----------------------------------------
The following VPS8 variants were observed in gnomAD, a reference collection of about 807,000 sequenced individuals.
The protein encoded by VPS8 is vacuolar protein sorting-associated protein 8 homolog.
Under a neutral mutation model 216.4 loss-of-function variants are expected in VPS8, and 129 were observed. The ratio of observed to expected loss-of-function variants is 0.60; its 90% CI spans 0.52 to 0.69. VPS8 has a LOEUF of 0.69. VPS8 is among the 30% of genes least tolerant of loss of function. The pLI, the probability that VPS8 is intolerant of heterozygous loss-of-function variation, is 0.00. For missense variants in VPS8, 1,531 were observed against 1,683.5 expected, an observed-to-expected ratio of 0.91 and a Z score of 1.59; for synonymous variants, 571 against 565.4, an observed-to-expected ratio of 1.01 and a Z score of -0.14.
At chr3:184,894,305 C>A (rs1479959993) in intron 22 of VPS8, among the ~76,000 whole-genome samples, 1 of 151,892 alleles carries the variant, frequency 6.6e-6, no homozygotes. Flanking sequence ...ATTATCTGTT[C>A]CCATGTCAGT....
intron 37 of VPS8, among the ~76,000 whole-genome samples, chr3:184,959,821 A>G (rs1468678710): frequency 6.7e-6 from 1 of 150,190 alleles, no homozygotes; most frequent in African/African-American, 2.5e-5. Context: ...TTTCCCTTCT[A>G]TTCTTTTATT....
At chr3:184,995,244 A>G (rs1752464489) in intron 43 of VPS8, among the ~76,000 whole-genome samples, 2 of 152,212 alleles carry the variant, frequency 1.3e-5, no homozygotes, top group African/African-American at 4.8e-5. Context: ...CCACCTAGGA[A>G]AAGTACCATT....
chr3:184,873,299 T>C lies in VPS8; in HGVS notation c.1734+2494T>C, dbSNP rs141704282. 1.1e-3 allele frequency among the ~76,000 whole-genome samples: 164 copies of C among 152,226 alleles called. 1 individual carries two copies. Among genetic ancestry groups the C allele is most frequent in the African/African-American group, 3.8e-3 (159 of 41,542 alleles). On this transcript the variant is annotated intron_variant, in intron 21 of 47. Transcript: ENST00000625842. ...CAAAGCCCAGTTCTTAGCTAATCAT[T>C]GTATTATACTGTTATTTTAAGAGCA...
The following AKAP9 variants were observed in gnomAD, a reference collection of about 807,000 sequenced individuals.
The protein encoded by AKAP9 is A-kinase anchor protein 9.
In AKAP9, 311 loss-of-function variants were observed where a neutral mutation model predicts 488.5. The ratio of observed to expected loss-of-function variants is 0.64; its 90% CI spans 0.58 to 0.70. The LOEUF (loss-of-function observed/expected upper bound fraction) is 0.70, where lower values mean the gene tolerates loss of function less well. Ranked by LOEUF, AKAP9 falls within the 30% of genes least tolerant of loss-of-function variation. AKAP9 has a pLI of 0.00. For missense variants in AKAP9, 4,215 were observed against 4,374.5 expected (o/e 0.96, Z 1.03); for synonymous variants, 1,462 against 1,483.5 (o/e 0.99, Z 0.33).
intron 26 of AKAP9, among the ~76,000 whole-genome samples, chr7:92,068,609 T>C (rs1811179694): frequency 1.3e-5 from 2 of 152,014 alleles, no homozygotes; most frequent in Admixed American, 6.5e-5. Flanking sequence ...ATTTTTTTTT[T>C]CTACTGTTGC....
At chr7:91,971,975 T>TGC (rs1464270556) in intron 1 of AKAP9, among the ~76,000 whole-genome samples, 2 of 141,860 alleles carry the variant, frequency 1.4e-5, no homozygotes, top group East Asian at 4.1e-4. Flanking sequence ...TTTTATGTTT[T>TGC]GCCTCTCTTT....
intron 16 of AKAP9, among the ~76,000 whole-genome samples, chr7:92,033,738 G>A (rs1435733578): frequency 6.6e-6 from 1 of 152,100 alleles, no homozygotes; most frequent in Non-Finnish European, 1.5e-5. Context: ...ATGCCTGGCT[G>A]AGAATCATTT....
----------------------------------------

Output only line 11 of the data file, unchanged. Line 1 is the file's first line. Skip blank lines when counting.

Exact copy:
intron 26 of AKAP9, among the ~76,000 whole-genome samples, chr7:92,068,609 T>C (rs1811179694): frequency 1.3e-5 from 2 of 152,014 alleles, no homozygotes; most frequent in Admixed American, 6.5e-5. Flanking sequence ...ATTTTTTTTT[T>C]CTACTGTTGC....